“In the Netherlands, 5% of the solar installations fail due to technical faults or human error. If these failures are not monitored, a great deal of energy is going to be lost," says Christiaan Brester, director of LENS. LENS engineers, installs, finances, maintains and monitors solar installations on large roofs. According to Brester, the solar energy yields can be further optimised.
Affordable monitoring for solar energy installations
LENS has developed a data logger that makes the monitoring of solar energy installations possible in an affordable way. “The data logger can take readings from equipment such as solar energy systems. Data about capacity and technical faults is accessed and fed back to databases." The datalogger is combined with a second innovation. “When a district produces too much solar power, that can cause problems for the grid. We call that congestion. We can measure it with our system. In this way we can learn whether it makes sense to work with batteries and storage in the district concerned."
Cooperation accelerates the energy transition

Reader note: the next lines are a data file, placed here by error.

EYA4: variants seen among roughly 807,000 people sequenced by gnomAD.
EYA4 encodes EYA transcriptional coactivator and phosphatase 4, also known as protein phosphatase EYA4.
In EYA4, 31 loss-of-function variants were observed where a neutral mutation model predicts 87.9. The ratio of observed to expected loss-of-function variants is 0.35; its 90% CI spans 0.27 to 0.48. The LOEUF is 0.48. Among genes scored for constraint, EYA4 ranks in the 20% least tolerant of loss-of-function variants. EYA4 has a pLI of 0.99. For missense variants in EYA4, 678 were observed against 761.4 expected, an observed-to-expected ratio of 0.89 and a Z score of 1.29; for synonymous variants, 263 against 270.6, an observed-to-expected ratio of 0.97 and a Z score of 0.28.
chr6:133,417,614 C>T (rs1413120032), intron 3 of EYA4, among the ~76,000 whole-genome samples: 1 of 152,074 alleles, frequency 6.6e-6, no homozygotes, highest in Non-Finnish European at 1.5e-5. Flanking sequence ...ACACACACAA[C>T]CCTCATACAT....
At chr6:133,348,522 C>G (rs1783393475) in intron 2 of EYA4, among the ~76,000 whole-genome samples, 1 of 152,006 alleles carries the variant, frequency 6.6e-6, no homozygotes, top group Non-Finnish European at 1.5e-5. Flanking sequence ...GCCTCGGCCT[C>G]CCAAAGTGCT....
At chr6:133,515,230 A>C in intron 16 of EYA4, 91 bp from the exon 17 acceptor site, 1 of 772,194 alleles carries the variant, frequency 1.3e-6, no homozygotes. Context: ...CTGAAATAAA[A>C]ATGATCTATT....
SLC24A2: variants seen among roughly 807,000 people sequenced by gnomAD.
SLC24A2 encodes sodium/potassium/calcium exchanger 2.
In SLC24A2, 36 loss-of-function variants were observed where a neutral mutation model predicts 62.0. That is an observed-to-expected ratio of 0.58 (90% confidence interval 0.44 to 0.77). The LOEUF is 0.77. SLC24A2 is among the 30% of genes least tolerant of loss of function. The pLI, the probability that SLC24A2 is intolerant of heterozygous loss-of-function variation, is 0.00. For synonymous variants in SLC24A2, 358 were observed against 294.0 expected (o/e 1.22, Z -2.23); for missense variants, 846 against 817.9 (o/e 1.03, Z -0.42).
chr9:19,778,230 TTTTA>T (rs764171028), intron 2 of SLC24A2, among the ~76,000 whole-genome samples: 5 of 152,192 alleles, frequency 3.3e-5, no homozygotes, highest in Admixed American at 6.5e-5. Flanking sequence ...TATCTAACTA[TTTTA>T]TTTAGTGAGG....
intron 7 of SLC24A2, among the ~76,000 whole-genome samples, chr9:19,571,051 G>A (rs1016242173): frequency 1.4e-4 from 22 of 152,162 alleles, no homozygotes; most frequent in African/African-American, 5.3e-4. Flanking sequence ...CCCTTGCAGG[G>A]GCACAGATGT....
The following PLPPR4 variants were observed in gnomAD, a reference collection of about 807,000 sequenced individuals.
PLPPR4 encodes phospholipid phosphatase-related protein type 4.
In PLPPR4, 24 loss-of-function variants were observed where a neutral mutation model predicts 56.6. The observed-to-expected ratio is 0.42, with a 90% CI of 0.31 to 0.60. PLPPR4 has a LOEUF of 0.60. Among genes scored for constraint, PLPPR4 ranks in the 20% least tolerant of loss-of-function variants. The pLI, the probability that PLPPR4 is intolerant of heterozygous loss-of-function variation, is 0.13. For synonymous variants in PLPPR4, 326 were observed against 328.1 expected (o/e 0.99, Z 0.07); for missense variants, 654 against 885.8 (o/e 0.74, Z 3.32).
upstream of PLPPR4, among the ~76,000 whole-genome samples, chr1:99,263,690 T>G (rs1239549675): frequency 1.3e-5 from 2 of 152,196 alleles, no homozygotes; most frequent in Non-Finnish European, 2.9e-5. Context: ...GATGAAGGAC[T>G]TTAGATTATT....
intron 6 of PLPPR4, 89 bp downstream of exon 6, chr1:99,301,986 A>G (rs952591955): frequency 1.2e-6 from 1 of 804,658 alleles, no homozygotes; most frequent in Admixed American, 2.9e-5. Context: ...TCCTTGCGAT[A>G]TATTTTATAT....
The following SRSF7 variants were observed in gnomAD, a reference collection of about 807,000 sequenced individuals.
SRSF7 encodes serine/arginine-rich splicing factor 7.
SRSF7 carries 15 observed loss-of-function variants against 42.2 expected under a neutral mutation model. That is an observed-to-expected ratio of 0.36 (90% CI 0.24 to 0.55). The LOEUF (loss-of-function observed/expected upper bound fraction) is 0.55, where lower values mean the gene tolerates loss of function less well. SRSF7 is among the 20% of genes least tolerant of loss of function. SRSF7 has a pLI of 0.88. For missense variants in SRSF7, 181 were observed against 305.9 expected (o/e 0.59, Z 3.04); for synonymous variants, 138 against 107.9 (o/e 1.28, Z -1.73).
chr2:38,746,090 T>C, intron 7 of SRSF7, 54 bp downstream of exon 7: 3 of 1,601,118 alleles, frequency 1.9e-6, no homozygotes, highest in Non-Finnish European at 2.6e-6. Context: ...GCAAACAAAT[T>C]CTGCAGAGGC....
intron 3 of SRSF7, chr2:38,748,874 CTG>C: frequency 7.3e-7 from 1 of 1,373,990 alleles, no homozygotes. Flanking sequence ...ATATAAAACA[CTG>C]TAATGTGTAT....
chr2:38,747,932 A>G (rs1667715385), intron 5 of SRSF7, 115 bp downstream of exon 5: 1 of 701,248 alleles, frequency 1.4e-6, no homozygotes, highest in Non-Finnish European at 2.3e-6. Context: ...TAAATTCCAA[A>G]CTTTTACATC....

Combining the two innovations is a costly process. “We cannot finance both of these processes. The subsidy will enable us to roll out a prototype that we can then test in the field". Together with housing association Woonbron, LENS is going to roll out the pilot at various locations. When it comes to sustainability, Woonbron is ambitious and expects the project to add to the ‘happy living’ of its residents. According to Brester, bringing the right parties together is essential for the energy transition. “In Rotterdam, you can see that steps are being taken. With the help of the Municipality, entrepreneurs are being put into contact with the right people. Partly thanks to this subsidy and the partnership with Woonbron, we can do more in a short period of time. That accelerates the energy transition.”